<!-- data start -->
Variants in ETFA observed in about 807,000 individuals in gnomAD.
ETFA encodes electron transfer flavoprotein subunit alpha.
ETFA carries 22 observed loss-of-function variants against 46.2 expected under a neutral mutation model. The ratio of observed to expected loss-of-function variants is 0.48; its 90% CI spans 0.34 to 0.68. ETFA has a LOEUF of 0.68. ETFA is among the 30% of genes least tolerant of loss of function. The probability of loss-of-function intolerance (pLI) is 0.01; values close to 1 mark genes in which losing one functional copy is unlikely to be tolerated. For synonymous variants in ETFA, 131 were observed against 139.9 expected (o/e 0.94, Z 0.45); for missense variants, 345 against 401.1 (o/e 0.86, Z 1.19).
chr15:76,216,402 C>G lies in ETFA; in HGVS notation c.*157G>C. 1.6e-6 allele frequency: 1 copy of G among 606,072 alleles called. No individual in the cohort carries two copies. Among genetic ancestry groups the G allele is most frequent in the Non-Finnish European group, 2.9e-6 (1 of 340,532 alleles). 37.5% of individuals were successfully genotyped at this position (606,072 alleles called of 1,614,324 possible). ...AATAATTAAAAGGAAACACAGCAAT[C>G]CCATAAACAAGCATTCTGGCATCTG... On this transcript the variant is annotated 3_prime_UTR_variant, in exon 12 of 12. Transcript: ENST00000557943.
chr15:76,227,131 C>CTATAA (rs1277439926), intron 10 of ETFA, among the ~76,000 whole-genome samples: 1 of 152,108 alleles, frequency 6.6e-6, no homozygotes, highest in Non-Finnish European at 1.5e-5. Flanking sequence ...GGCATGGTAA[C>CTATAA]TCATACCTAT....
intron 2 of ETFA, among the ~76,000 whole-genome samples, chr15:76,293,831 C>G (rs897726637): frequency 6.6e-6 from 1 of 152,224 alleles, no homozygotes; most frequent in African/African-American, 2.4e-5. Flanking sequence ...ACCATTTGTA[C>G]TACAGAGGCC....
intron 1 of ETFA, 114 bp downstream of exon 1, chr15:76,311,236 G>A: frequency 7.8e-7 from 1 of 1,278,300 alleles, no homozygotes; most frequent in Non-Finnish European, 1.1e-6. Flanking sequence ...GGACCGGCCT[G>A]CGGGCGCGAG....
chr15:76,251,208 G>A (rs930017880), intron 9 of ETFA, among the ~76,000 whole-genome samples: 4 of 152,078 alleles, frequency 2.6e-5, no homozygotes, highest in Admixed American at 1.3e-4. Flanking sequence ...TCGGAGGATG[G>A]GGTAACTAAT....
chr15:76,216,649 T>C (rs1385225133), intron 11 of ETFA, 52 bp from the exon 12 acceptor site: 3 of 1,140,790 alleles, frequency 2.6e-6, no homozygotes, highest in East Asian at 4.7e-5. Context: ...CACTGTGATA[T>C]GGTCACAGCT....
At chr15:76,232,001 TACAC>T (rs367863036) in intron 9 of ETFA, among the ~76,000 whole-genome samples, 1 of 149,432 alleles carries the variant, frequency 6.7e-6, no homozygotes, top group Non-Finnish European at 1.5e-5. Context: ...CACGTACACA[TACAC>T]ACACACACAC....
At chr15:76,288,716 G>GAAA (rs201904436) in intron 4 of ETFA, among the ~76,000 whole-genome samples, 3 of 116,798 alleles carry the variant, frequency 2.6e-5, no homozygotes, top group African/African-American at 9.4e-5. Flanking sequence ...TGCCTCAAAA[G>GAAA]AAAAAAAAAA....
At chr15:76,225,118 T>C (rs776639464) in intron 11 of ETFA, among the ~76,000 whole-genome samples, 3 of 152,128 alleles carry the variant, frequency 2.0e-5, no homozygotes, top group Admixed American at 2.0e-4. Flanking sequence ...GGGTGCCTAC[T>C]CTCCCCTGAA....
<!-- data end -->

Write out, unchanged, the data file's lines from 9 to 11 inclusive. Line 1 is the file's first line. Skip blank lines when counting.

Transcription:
chr15:76,216,649 T>C (rs1385225133), intron 11 of ETFA, 52 bp from the exon 12 acceptor site: 3 of 1,140,790 alleles, frequency 2.6e-6, no homozygotes, highest in East Asian at 4.7e-5. Context: ...CACTGTGATA[T>C]GGTCACAGCT....
At chr15:76,232,001 TACAC>T (rs367863036) in intron 9 of ETFA, among the ~76,000 whole-genome samples, 1 of 149,432 alleles carries the variant, frequency 6.7e-6, no homozygotes, top group Non-Finnish European at 1.5e-5. Context: ...CACGTACACA[TACAC>T]ACACACACAC....
At chr15:76,288,716 G>GAAA (rs201904436) in intron 4 of ETFA, among the ~76,000 whole-genome samples, 3 of 116,798 alleles carry the variant, frequency 2.6e-5, no homozygotes, top group African/African-American at 9.4e-5. Flanking sequence ...TGCCTCAAAA[G>GAAA]AAAAAAAAAA....